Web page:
Presentation on theme: "An Approach to the Adrenal Incidentaloma AIMGP Clinic Lecture Series Katina Tzanetos, 2007."— Presentation transcript:
An Approach to the Adrenal Incidentaloma AIMGP Clinic Lecture Series Katina Tzanetos, 2007
References Arnaldi, G. et. Al. Adrenal Incidentaloma. Braz J Bio Res; 33: Bornstein, S. (moderator) et al. Adrenalcortical Tumours: Recent Advances in Basic Concepts and Clinical Management. Ann Int Med. 1999; 130: 759. Grumback, M. et al. Management of the Clinically Inapparent Adrenal Mass. Ann Int Med. 2003; 138: 424. Pacak, K. et al. Recent Advances in Genetics, Diagnosis, Localization, and Treatment of Pheochromocytoma. Ann Int Med. 2001; 132: 315. Westphal, S. Diagnosis of Pheochromocytoma. Am J Med Sci. 2005; 329: 18.
Case Study 70 y.o. female who had a CT of the abdomen post-appendectomy for post- operative fever that subsequently resolved Incidental finding of a 3-cm mass on her right adrenal gland Pt feels well with no specific complaints at 3-months post-surgery
Take a minute to discuss… What is your differential diagnosis for this mass? What aspects of the history and physical examination would you focus on in this patient?
Take a minute to discuss… On further questioning: After a thorough history and physical examination she is completely asymptomatic and your physical exam is unremarkable. What investigations would you order? What advice would you give the patient? What sort of follow-up would you recommend?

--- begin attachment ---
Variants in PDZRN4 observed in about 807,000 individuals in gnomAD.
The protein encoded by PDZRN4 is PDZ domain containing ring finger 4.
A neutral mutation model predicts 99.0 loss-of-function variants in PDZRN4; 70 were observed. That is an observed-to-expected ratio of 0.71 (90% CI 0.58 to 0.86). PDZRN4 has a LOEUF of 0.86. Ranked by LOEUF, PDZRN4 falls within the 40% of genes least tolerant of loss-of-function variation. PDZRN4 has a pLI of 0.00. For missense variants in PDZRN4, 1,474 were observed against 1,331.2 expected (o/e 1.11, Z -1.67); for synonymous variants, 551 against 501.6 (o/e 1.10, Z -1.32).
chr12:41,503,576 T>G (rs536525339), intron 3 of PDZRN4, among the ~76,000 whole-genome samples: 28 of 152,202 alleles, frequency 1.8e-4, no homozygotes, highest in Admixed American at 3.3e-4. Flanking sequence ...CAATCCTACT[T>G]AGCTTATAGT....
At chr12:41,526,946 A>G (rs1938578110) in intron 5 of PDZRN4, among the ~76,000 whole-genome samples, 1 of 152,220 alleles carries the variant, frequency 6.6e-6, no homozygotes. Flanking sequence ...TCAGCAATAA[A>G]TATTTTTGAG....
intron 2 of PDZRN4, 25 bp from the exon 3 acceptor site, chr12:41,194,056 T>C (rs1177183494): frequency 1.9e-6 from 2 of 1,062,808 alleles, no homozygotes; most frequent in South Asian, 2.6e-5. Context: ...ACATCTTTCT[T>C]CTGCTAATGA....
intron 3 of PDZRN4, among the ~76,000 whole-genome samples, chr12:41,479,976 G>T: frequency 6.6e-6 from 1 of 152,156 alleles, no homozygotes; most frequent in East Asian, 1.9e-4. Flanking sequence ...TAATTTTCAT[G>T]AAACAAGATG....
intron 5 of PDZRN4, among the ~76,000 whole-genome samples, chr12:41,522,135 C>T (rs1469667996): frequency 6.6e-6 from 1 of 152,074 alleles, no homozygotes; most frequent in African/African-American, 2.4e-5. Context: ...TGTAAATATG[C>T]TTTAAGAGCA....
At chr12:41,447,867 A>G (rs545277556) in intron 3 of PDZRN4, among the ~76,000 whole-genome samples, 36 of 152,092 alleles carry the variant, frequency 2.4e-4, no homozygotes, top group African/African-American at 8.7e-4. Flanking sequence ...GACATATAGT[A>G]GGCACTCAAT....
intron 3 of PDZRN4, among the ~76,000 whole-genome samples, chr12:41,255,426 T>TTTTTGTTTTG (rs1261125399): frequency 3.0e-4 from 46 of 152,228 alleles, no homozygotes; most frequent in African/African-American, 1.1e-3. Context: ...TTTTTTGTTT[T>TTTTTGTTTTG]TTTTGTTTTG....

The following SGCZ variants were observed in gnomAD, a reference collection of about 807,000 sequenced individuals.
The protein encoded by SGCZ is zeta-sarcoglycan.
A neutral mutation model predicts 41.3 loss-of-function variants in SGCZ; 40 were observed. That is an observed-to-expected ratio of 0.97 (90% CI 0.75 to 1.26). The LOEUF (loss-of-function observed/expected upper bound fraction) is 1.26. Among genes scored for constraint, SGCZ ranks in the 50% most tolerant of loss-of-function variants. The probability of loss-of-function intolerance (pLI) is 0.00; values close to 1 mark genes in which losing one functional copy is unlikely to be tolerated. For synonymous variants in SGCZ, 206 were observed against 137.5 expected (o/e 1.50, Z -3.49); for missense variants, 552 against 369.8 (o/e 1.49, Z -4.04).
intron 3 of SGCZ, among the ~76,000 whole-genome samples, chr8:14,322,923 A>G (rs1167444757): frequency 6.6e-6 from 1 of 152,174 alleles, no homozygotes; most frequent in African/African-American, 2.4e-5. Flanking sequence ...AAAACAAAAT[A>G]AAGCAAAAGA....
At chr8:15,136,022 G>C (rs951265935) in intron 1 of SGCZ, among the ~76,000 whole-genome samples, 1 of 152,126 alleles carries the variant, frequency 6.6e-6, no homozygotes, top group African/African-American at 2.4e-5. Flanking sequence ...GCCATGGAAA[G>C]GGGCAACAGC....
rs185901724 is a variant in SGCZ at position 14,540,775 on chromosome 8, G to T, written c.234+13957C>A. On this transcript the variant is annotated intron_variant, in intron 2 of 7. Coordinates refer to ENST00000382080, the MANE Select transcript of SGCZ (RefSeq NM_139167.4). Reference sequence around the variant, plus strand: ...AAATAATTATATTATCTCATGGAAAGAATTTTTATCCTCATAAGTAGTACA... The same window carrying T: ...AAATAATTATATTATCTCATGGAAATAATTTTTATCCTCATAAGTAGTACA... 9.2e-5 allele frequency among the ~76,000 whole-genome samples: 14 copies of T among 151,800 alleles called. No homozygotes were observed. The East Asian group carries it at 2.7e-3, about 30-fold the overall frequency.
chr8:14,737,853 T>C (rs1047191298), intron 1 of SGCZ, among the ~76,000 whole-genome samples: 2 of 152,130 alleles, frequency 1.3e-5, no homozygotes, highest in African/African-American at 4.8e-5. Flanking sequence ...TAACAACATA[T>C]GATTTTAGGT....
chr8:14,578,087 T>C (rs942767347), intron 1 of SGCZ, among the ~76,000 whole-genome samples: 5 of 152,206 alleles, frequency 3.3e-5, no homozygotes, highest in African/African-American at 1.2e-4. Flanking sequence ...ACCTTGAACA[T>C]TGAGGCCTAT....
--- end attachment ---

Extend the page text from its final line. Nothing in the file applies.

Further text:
Incidentaloma – Prevalence and Causes Prevalence: – Autopsy series: 3% in those > 50 y 70 y – CT series: 1-5% of patients imaged Causes: – Adrenal cortex: adenoma, nodular hyperplasia, carcinoma – Adrenal medulla: pheochromocytoma, ganglioneuroma – Metastases or primary lymphoma – Other: lipoma, neurofibroma, fibroma, hemangioma, angiosarcoma, cysts, amyloid, cryptococcosis, granuloma
Incidentaloma – Prevalence and Causes Of those investigated: – Malignant: Frequency of cancer varies among series from 0- 35% In largest series of 1000 pts, 47 pts had clinically- silent cancer – Functioning: Among those with no symptoms, > 70% are non- functioning
Incidentaloma - Approach Main purpose of history, physical and lab investigations is to determine: Is the tumour producing hormones? Is the tumour likely to be malignant?
Hormonal Evaluation - Pheochromocytoma 90% are located in the adrenals 5% incidence of malignancy, but high risk of cardiovascular morbidity and mortality Predisposition to pheochromocytoma: MEN-2, von Hippel Landau disease, Neurofibromatosis Classic triad of symptoms: headache, palpitations and sweating – In pt with hypertension, symptom complex has specificity of 93.8% and sensitivity of 90%
Hormonal Evaluation - Pheochromocytoma Plasma metanephrines recommended as initial test due to uniquely high sensitivity False-positive result can be refuted by further testing – Beyond scope of this talk, but consider false-positive in those with only marginal increase in plasma metanephrines – See article by Pacak et al for details